Research undertaken by scientists at the University of Sydney and Macquarie University in Australia has shown that taking creatine, a compound found in muscle tissue, as a dietary supplement can give a significant boost to both working memory and general intelligence. The work, to be published in a forthcoming Proceedings B, a learned journal published by the Royal Society, monitored the effect of creatine supplementation on 45 young adult vegetarian subjects in a double-blind, placebo-controlled experiment. From Royal Society:
Boost your brain power
Royal Society Proc B News release
Research undertaken by scientists at the University of Sydney and Macquarie University in Australia has shown that taking creatine, a compound found in muscle tissue, as a dietary supplement can give a significant boost to both working memory and general intelligence. The work, to be published in a forthcoming Proceedings B, a learned journal published by the Royal Society, monitored the effect of creatine supplementation on 45 young adult vegetarian subjects in a double-blind, placebo-controlled experiment.
“The level of creatine supplementation chosen was 5g per day as this is a level that has previously been shown to increase brain creatine levels. This level is comparable to that taken to boost sports fitness,” explains Dr. Caroline Rae who led the research. “Vegetarians or vegans were chosen for the study as carnivores and omnivores obtain a variable level of creatine depending on the amount and type of meat they eat – although to reach the level of supplementation in this experiment would involve eating around 2 kg of meat a day!”
Athletes and fitness fanatics have known that creatine supplementation can increase sports performance and the compound – a close relative of the amino acids – has also been trialed successfully in the treatment of neurological, neuromuscular and atherosclerotic disease. “We know that creatine plays a pivotal role in maintaining energy levels in the brain,” says Dr. Rae. “So it was a reasonable hypothesis that supplementing a diet with creatine could assist brain function.”
The experiment tested this hypothesis by giving the one group of subjects a creatine supplement and a second group a placebo for six weeks, followed by a six week period with no intake and a final six week period when the control and placebo group were swapped. Intelligence and memory were tested at four points: the start of the trial; the end of the first six week period; and the start and endpoint of the final six week period.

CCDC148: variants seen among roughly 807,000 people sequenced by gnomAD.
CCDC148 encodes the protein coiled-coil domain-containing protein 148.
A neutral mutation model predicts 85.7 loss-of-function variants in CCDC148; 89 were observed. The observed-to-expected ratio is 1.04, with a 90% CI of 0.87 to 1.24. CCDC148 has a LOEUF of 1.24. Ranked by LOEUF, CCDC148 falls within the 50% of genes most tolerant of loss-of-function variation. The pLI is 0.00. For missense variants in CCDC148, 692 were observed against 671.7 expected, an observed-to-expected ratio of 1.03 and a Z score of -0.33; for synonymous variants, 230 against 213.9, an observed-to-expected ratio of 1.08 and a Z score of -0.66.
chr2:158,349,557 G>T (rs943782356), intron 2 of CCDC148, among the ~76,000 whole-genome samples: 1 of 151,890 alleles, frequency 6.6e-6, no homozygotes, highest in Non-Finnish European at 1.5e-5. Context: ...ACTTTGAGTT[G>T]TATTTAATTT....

The effect on working memory was tested using a backward digit span test in which the subject has to repeat in reverse order progressively longer verbal random number sequences. Intelligence was tested using Ravens Advanced Progressive Matrices – a methodology commonly used for IQ assessment involving completion of pattern sequences. The test is a well validated measure of general ability with minimal dependence on cultural factors. “Both of these tests require fast brain power and the Raven’s task was conducted under time pressure,” says Dr. Rae. “The results were clear with both our experimental groups and in both test scenarios: creatine supplementation gave a significant measurable boost to brain power. For example in the digit span test subjects ability to remember long numbers, like telephone numbers, improved from a number length of about 7 to an average of 8.5 digits.”
The study shows that increased creatine intake results in improved brain function, similar to effects shown previously in muscle and heart. The results agree with previous observations showing that brain creatine levels correlate with improved recognition memory and reduce mental fatigue. “These findings underline a dynamic and significant role of brain energy capacity in influencing brain performance,” says Dr. Rae. “Increasing the energy available for computation increases the power of the brain and this is reflected directly in improved general ability.”
A short term boost?
Long term supplementation with creatine has yet to be declared truly safe as there have been reported effects on glucose homeostasis (the regulation of blood sugar levels) and potential subjects with a medical history of diabetes were excluded from the experiment. In addition taking the supplement can have some antisocial effects. “To be frank taking the supplement can make you a considerably less ‘fragrant’ person,” says Dr. Rae. “However creatine supplementation may be of use to those requiring boosted mental performance in the short term – for example university students.”